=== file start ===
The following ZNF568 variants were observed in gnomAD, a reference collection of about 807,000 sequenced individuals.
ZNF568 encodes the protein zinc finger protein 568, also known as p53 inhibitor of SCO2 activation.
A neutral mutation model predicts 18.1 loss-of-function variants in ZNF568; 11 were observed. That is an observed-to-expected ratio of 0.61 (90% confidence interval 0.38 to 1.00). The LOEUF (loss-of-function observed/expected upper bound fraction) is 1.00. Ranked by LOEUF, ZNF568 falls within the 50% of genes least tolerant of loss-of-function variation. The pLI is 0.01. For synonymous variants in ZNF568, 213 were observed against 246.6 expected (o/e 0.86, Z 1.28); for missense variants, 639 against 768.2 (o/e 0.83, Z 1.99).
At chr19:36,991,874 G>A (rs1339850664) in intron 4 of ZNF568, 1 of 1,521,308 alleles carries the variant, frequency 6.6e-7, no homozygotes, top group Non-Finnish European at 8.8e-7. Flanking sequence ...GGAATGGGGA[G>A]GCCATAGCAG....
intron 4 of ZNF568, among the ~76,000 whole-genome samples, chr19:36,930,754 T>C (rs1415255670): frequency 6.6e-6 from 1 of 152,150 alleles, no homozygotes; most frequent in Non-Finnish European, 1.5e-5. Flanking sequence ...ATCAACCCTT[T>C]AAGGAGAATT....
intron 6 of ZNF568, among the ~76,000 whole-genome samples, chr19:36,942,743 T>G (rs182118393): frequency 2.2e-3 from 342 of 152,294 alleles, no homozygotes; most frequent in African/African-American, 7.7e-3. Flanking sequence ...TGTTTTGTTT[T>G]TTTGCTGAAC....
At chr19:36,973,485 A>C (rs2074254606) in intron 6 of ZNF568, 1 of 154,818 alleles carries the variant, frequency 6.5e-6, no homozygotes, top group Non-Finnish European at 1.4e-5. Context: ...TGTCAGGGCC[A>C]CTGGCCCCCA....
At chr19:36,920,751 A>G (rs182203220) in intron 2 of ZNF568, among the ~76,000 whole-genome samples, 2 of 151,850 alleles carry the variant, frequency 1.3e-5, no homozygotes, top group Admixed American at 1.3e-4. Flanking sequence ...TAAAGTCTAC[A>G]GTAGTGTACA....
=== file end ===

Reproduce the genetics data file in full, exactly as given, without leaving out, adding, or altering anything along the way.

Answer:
The following ZNF568 variants were observed in gnomAD, a reference collection of about 807,000 sequenced individuals.
ZNF568 encodes the protein zinc finger protein 568, also known as p53 inhibitor of SCO2 activation.
A neutral mutation model predicts 18.1 loss-of-function variants in ZNF568; 11 were observed. That is an observed-to-expected ratio of 0.61 (90% confidence interval 0.38 to 1.00). The LOEUF (loss-of-function observed/expected upper bound fraction) is 1.00. Ranked by LOEUF, ZNF568 falls within the 50% of genes least tolerant of loss-of-function variation. The pLI is 0.01. For synonymous variants in ZNF568, 213 were observed against 246.6 expected (o/e 0.86, Z 1.28); for missense variants, 639 against 768.2 (o/e 0.83, Z 1.99).
At chr19:36,991,874 G>A (rs1339850664) in intron 4 of ZNF568, 1 of 1,521,308 alleles carries the variant, frequency 6.6e-7, no homozygotes, top group Non-Finnish European at 8.8e-7. Flanking sequence ...GGAATGGGGA[G>A]GCCATAGCAG....
intron 4 of ZNF568, among the ~76,000 whole-genome samples, chr19:36,930,754 T>C (rs1415255670): frequency 6.6e-6 from 1 of 152,150 alleles, no homozygotes; most frequent in Non-Finnish European, 1.5e-5. Flanking sequence ...ATCAACCCTT[T>C]AAGGAGAATT....
intron 6 of ZNF568, among the ~76,000 whole-genome samples, chr19:36,942,743 T>G (rs182118393): frequency 2.2e-3 from 342 of 152,294 alleles, no homozygotes; most frequent in African/African-American, 7.7e-3. Flanking sequence ...TGTTTTGTTT[T>G]TTTGCTGAAC....
At chr19:36,973,485 A>C (rs2074254606) in intron 6 of ZNF568, 1 of 154,818 alleles carries the variant, frequency 6.5e-6, no homozygotes, top group Non-Finnish European at 1.4e-5. Context: ...TGTCAGGGCC[A>C]CTGGCCCCCA....
At chr19:36,920,751 A>G (rs182203220) in intron 2 of ZNF568, among the ~76,000 whole-genome samples, 2 of 151,850 alleles carry the variant, frequency 1.3e-5, no homozygotes, top group Admixed American at 1.3e-4. Flanking sequence ...TAAAGTCTAC[A>G]GTAGTGTACA....